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Siemens increases its commitment to early science education


500 experiment kits presented / A further 1,000 preschools to be equipped / Initiative extended to other countries

Munich, Dec 11, 2006 - One year after the presentation of the first experiment kits to preschools, Siemens is substantially widening its involvement: on the basis of the huge demand and the positive response, a further 1,000 experiment kits, including training for the teachers, are to be made available. To date Siemens has equipped 500 preschools with experiment kits, thereby reaching around 40,000 children. In future Siemens wants to encourage child-friendly access to science and technology in preschools in other countries too. For this purpose the “Discovery Box” has been developed, which can be used on a worldwide basis.

“The child-friendly, fun experiments in the experiment kit make science real and are thus an important element of early childhood education,” said Siemens research manager Prof. Hermann Requardt at the presentation of the 500th experiment kit to the municipal preschool in Thelottstrasse in Munich’s Hasenbergl district. “As a knowledge-based company we want to encourage the next generation to investigate the world around them, starting at a young age. In this way we are fulfilling our social responsibility, as education is an important prerequisite for the cohesion and development of society,” he continued.

Why is the sky blue and the rainbow brightly colored? Why does a light bulb burn? With the experiment kit, children from the age of only four can have fun finding out all about a variety of exciting everyday phenomena. The experiment kits have all the equipment for exploring water, air, color, sound and electricity. This is not text-book learning, but giving children their first practical experience of scientific and technical phenomena, which even the very small already find highly interesting. The experiments are part of a complete educational concept, which also involves a one-day seminar for teachers on use of the kit. The kit and the training, which are together worth 500 euros, were developed by the Starnberg company Science-Lab, one of the pioneers of early science education. Today, one year after presentation of the first experiment kits, Siemens has already reached 500 preschools in Germany and thus a total of around 40,000 children.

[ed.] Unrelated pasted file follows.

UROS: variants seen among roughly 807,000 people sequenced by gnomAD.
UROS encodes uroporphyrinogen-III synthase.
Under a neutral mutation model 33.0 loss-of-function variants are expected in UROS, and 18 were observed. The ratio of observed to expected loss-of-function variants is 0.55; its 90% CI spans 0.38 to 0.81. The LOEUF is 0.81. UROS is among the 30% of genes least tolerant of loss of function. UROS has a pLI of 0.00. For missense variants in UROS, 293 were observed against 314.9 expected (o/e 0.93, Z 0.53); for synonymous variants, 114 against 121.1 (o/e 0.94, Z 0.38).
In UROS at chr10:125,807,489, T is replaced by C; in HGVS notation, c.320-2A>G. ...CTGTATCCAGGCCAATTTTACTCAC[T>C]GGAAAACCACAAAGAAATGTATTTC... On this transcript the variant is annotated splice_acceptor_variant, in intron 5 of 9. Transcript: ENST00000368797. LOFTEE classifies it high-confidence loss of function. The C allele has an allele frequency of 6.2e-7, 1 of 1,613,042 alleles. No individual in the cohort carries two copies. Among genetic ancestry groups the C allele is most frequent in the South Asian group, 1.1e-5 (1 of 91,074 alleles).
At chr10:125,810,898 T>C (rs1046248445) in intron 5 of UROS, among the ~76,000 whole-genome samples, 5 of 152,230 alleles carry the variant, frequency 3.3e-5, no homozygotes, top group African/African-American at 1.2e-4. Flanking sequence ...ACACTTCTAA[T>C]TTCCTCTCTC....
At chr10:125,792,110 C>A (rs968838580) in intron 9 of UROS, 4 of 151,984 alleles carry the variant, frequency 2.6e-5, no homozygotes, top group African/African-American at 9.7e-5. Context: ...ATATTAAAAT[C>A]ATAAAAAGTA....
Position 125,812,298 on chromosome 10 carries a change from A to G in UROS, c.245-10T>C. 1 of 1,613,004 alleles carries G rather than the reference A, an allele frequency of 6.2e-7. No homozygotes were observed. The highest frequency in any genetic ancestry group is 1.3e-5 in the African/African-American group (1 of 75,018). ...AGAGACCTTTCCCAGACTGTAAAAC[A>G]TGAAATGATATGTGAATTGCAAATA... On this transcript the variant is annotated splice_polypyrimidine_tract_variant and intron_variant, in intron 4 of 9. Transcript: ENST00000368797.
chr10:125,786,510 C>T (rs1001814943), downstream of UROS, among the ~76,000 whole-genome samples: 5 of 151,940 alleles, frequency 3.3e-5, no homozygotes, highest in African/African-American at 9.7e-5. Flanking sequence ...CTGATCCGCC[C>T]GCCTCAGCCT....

In the wake of this success, Siemens is now substantially widening the scope of its involvement: 1,000 more experiment kits are being presented to preschools, with which another 80,000 children can be reached. Siemens is also promoting early science education in other countries: at the beginning of 2007 the company is launching the “Discovery Box,” the international version of the experiment kit. It includes experiment sets on “Energy & Electricity” and “Environment & Health” which were specially developed for the international kit, and a DVD with instructions for the teachers. Considerable interest has already been registered from among the approximately 190 countries where Siemens does business and initial enquiries have been received from Southern Europe, China and South-East Asia.

Early science education by means of experiment kits is an important part of Siemens’ worldwide education program for preschools, schools and universities, Generation21. Siemens is currently successfully promoting educational activities in over 50 countries. The object of the company-wide commitment is to interest young people in science and technology and meet its responsibilities as a corporate citizen.

Further information and details of how to apply for an experiment kit can be found on the Internet at
Press photos can be found on the Internet at

This is Siemens – Siemens (Berlin and Munich) is a global powerhouse in electrical engineering and electronics. The company has around 475,000 employees working to develop and manufacture products, design and install complex systems and projects, and tailor a wide range of services for individual requirements. Siemens provides innovative technologies and comprehensive know-how to benefit customers in over 190 countries. Founded more than 155 years ago, the company focuses on the areas of Information and Communications, Automation and Control, Power, Transportation, Medical, and Lighting. In fiscal 2006 (ended September 30), Siemens had sales from continuing operations of €87.3 billion and net income of €3.106 billion. Further information is available on the Internet at:

Reference number: AXX200612.27 e


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